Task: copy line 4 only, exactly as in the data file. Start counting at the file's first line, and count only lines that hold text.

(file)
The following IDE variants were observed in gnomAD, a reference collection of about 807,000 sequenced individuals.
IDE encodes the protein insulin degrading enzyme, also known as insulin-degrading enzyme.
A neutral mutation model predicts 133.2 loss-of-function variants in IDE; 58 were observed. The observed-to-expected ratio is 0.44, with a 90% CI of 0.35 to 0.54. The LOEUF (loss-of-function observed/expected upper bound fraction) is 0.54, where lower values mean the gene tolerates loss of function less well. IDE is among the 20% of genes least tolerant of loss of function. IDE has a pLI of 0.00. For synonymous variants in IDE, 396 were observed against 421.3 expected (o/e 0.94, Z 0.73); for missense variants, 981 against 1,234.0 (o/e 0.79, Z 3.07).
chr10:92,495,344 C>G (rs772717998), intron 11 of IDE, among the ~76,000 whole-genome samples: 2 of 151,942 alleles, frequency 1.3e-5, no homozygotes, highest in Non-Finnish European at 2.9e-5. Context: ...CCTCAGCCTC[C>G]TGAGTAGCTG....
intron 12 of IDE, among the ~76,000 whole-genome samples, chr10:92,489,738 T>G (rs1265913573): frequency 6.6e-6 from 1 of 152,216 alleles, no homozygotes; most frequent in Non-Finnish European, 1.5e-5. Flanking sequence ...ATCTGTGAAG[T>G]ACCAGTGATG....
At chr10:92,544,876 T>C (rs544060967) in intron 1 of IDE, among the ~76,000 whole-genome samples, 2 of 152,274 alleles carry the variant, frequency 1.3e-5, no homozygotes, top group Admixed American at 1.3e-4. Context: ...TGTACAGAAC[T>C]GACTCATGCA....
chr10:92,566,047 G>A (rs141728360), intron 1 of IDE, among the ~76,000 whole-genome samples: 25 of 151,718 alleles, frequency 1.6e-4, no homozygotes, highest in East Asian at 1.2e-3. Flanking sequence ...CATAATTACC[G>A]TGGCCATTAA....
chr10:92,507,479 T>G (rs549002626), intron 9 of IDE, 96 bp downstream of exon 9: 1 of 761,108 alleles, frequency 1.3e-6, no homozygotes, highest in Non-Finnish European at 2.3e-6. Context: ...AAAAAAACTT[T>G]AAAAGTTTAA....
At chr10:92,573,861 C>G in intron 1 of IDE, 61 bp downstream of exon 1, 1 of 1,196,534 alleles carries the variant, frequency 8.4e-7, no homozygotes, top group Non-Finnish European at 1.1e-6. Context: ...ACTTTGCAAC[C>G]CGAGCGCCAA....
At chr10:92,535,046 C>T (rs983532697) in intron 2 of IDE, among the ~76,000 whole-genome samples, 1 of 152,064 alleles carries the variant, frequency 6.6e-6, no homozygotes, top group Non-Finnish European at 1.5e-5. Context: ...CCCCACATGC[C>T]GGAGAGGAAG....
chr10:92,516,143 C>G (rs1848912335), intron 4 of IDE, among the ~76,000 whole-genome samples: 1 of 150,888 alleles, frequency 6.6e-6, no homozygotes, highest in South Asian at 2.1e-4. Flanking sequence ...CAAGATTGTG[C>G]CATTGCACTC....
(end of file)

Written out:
chr10:92,495,344 C>G (rs772717998), intron 11 of IDE, among the ~76,000 whole-genome samples: 2 of 151,942 alleles, frequency 1.3e-5, no homozygotes, highest in Non-Finnish European at 2.9e-5. Context: ...CCTCAGCCTC[C>G]TGAGTAGCTG....